Karnataka’s C&I Consumers Can Cut 20-30% in Power Costs with Open-Access Solar

Karnataka remained the leading state for open access with 37% of cumulative capacity


In recent years, there has been a noticeable surge in the number of commercial and industrial (C&I) consumers in India embracing open-access solar projects to fulfill their energy requirements.

Leading the charge is Karnataka, which has emerged as a shining example of progress in adopting solar power.

In Q1 2023, Karnataka remained the leading state, accounting for over 37% of cumulative solar open access capacity as of March 2023, according to the recently launched Q1 2023 Mercom India Solar Open Access Market Report.

Situated in the southern region of India, Karnataka benefits from a favorable climate and policies that create an enabling environment for solar power generation.

For C&I consumers in Karnataka who are considering opting for open-access solar, here are some key points to consider.

Electricity Cost Savings

The financial advantages of open-access solar projects cannot be overstated. On average, a C&I consumer saves roughly 30% annually on their electricity bills in Karnataka according to developers.

Anuvrat Saboo, Co-Founder at SafEarth Clean Technologies, a renewable energy transition platform catering to the C&I segment, said, “Consumers annually could anticipate significant savings on their electricity bills, ranging from ₹3 million (~$36,386) to ₹4.5 million (~$545,803) per MW per year. These savings contribute to improved financial performance and enhanced sustainability for C&I consumers.”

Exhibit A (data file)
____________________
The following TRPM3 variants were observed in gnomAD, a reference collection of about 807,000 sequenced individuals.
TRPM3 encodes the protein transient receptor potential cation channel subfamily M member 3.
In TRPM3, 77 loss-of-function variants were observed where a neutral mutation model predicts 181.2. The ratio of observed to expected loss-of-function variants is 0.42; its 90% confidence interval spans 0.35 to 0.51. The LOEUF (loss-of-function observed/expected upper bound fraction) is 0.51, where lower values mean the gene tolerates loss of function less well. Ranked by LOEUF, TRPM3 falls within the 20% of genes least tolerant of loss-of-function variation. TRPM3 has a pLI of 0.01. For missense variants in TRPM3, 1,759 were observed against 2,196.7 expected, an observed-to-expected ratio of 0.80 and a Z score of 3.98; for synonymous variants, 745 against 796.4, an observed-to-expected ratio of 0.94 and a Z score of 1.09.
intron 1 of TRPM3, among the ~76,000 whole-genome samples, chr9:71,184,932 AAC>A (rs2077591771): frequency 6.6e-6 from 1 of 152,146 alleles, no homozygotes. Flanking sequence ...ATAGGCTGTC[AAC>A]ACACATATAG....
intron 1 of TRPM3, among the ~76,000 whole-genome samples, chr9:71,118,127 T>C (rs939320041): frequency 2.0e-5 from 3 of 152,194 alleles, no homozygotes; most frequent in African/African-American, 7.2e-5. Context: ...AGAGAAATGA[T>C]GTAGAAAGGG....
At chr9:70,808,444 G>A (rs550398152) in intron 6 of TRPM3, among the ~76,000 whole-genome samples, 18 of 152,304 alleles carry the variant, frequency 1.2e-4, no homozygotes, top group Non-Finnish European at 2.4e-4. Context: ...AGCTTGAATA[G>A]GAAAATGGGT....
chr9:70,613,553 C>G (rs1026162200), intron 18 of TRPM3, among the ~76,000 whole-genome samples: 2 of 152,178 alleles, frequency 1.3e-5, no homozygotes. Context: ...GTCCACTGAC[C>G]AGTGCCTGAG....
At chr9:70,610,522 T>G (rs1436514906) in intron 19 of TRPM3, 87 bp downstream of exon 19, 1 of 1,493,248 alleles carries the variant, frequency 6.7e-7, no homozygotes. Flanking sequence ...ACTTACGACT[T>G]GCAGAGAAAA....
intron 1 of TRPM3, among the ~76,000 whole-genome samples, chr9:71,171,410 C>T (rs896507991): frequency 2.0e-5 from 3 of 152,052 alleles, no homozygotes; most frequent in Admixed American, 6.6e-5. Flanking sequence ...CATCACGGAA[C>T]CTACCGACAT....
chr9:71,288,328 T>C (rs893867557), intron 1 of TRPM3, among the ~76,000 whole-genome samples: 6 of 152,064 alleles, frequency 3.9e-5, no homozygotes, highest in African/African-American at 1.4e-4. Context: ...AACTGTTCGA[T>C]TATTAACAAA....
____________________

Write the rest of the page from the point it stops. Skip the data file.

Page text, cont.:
Karnataka’s solar tariffs are highly competitive compared to the state’s average retail tariff, enabling businesses to optimize their operational expenses and improve their competitiveness.

The state has recently increased the average retail tariff by ₹0.70/kWh for the financial year 2023-24.

Here is the revised retail electricity tariff for the C&I consumers according to the new tariff order.

The table below illustrates the breakdown of landed cost and net savings for C&I consumers opting for the Captive or Group Captive Open Access model in Karnataka.

On average, in Karnataka, the net landed cost for a captive/group captive project comes to ₹5.15 (~$0.06)/kWh.

Taking this under consideration, on average, a commercial consumer can expect to save ₹4.10 (~$0.04)/kWh while an industrial consumer can save up to ₹2.25 (~$2.25)/kWh from captive/group captive projects.

These cost savings have been a significant driver for open access solar adoption amongst C&I consumers in the state.

It is to be noted that for both captive and group captive models, cross subsidy surcharge and additional surcharge are exempted.

Third-Party Model for Open Access